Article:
NEW GRIME KING STORMZY LEADS THE PACK WITH 5 NOMINATIONS – INCLUDING BEST MALE, BEST ALBUM AND BEST GRIME ACT
RAP TITAN J HUS SCORES 4 NOMINATIONS – INCLUDING BEST MALE, BEST ALBUM AND BEST SONG
JORJA SMITH AND STEFFLON DON PICK UP 3 NOMINATIONS EACH – INCLUDING BEST FEMALE AND BEST NEWCOMER
SAMPHA EARNS NODS FOR BEST MALE, BEST ALBUM and BEST R&B/SOUL ACT
Jill Scott announces nominees for Best R&B/Soul Award https://twitter.com/missjillscott/status/920074251171794944
Sadiq Khan announces nominees for Best Male Act https://twitter.com/MayorofLondon/status/920197939670257664
MOBO AWARDS 2017 TAKES PLACE AT LEEDS FIRST DIRECT ARENA ON WEDNESDAY 29 NOVEMBER
Tickets now on sale at www.mobo.com
Tuesday 17 October 2017 London, United Kingdom – New Grime king Stormzy leads the 2017 MOBO Awards nominations, which was announced today at YouTube Space London. The 24-year old South London MC picked up a whopping five nominations for Best Male, Best Grime Act, Best Album for “Gang Signs & Prayer”, Best Song and Best Video for ‘Big For Your Boots’.
Stormzy has been on a steady crescendo of success since picking up the MOBO Award for Best Grime Act in 2014 and 2015, and Best Male in 2015. The MC references the moment he saw Krept & Konan win Best Newcomer at the 2013 MOBO Awards as the tipping point that pushed him to quit his job at an oil refinery and pursue a full-time career in music. He tweeted, ‘Krept & Konan just won a MOBO, I’m going studio.’
Fast forward four years from that moment and Stormzy’s debut album “Gang Signs & Prayer” has topped the UK Album Chart – becoming the first Grime album in history to reach #1. According to the OfficialCharts.com, it is also the biggest independent album of 2017 so far with over 220,000 sales. Stormzy has to date clocked up over 197 million views on his YouTube channel, 37 million of which are for the ‘Big For Your Boots’ music video directed by Daps.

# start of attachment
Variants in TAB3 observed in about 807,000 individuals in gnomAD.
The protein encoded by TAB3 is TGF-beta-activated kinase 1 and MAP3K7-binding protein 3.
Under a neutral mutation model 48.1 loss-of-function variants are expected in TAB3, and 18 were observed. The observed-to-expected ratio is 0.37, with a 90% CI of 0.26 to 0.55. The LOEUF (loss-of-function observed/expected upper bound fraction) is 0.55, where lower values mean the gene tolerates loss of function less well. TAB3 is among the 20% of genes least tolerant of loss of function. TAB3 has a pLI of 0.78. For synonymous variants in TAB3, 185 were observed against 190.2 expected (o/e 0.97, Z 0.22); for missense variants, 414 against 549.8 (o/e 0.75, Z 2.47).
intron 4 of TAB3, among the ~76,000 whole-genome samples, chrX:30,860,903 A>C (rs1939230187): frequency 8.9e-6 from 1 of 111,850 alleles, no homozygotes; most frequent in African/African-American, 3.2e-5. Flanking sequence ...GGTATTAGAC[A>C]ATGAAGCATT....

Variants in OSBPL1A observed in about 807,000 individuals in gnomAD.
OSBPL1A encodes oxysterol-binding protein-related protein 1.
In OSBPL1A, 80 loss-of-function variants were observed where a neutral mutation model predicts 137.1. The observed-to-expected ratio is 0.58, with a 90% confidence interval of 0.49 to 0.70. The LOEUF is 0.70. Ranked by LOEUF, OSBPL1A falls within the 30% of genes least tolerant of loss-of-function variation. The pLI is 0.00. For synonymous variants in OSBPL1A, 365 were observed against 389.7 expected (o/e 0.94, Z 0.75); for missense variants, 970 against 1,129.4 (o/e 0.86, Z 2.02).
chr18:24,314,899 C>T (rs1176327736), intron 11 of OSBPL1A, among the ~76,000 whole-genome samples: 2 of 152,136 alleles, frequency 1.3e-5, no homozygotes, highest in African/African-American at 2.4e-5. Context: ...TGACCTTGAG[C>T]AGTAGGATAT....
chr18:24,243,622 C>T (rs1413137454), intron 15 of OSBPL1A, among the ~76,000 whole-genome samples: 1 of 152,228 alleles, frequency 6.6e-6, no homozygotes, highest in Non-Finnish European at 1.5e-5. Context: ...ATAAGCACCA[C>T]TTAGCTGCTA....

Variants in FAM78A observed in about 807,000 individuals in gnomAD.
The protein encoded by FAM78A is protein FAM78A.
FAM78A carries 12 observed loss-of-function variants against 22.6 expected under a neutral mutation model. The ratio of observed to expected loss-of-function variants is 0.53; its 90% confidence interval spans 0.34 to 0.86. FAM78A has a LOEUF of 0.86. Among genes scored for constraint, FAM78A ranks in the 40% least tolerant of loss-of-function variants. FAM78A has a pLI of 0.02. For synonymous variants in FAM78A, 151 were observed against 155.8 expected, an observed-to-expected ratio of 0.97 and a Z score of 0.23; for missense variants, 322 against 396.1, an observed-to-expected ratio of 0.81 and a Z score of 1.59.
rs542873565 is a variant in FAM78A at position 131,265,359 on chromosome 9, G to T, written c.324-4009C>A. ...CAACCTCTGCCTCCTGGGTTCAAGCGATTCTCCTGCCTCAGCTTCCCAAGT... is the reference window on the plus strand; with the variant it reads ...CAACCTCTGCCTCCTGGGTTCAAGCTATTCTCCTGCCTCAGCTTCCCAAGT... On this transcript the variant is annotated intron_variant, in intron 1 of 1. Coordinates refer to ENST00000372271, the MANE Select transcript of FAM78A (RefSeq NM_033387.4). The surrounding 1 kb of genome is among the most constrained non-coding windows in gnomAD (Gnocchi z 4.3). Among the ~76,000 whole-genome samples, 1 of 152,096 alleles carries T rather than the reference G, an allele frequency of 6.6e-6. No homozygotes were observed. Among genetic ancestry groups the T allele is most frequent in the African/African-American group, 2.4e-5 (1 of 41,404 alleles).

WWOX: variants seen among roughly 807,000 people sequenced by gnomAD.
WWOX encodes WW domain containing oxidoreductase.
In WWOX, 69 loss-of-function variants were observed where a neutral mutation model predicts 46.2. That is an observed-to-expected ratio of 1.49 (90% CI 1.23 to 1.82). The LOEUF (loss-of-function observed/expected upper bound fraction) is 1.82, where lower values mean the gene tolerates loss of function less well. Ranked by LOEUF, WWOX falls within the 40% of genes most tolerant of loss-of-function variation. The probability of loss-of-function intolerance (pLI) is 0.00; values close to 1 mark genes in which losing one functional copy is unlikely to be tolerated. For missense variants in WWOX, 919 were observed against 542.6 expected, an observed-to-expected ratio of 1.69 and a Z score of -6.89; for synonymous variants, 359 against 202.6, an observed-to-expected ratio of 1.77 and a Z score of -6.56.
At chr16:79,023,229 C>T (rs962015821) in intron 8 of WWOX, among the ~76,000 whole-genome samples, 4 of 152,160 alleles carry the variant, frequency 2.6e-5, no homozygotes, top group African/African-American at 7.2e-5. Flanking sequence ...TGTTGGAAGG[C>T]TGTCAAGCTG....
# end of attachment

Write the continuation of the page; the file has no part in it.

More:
While Grime may have well and truly captured the mainstream’s attention now, MOBO has been championing talents in this genre since 2001 when So Solid Crew put on a landmark performance at the Awards. With the movement teeming with unsung talent and demonstrating increasing cultural significance, MOBO formally recognised Grime as an award category in 2010.
After two years of solid underground appeal, East London rapper J Hus has broken through in a big way, picking up four nominations for Best Male, Best Album for “Common Sense”, Best Song for ‘Did You See’ and Best Video for ‘Spirit’. The 21-year old MC hit MOBO’s radar two years ago, which earned him a prestigious nomination in the Best Newcomer category and he followed up last year with a Best Song nod for ‘Friendly’. “Common Sense” – J Hus’ debut album – reached #6 on the UK Album Charts earlier this year and features the Top 10 hit ‘Did You See’, which has also amassed over 42 million views on YouTube.
Hotly tipped R&B singer Jorja Smith picks up three prestigious nominations for Best Female, Best R&B/Soul Act and Best Newcomer. In the last 12 months, the 20-year old singer-songwriter from Walsall has featured on Drake’s hit album “More Life” and even supported him on his UK tour. Her recent garage-infused banger with Preditah ‘On My Mind’ earned her rave reviews from music press far and wide.